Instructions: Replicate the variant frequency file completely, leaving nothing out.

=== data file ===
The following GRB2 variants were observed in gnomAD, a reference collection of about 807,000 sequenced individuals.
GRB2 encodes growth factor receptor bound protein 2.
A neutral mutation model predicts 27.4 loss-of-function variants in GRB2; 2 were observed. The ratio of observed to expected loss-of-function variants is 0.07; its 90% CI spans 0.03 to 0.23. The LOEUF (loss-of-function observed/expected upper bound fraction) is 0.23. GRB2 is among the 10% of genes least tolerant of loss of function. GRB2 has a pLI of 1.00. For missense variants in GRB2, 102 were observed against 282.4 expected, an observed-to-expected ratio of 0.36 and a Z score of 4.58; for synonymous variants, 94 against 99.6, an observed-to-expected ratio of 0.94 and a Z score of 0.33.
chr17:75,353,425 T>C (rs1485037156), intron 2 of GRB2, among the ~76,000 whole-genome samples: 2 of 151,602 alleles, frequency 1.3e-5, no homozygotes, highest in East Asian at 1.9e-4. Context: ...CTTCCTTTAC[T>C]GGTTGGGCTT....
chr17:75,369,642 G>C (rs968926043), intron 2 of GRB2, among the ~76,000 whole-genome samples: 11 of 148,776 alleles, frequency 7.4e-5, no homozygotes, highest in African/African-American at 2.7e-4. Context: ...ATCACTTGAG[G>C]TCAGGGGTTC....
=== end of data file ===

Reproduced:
The following GRB2 variants were observed in gnomAD, a reference collection of about 807,000 sequenced individuals.
GRB2 encodes growth factor receptor bound protein 2.
A neutral mutation model predicts 27.4 loss-of-function variants in GRB2; 2 were observed. The ratio of observed to expected loss-of-function variants is 0.07; its 90% CI spans 0.03 to 0.23. The LOEUF (loss-of-function observed/expected upper bound fraction) is 0.23. GRB2 is among the 10% of genes least tolerant of loss of function. GRB2 has a pLI of 1.00. For missense variants in GRB2, 102 were observed against 282.4 expected, an observed-to-expected ratio of 0.36 and a Z score of 4.58; for synonymous variants, 94 against 99.6, an observed-to-expected ratio of 0.94 and a Z score of 0.33.
chr17:75,353,425 T>C (rs1485037156), intron 2 of GRB2, among the ~76,000 whole-genome samples: 2 of 151,602 alleles, frequency 1.3e-5, no homozygotes, highest in East Asian at 1.9e-4. Context: ...CTTCCTTTAC[T>C]GGTTGGGCTT....
chr17:75,369,642 G>C (rs968926043), intron 2 of GRB2, among the ~76,000 whole-genome samples: 11 of 148,776 alleles, frequency 7.4e-5, no homozygotes, highest in African/African-American at 2.7e-4. Context: ...ATCACTTGAG[G>C]TCAGGGGTTC....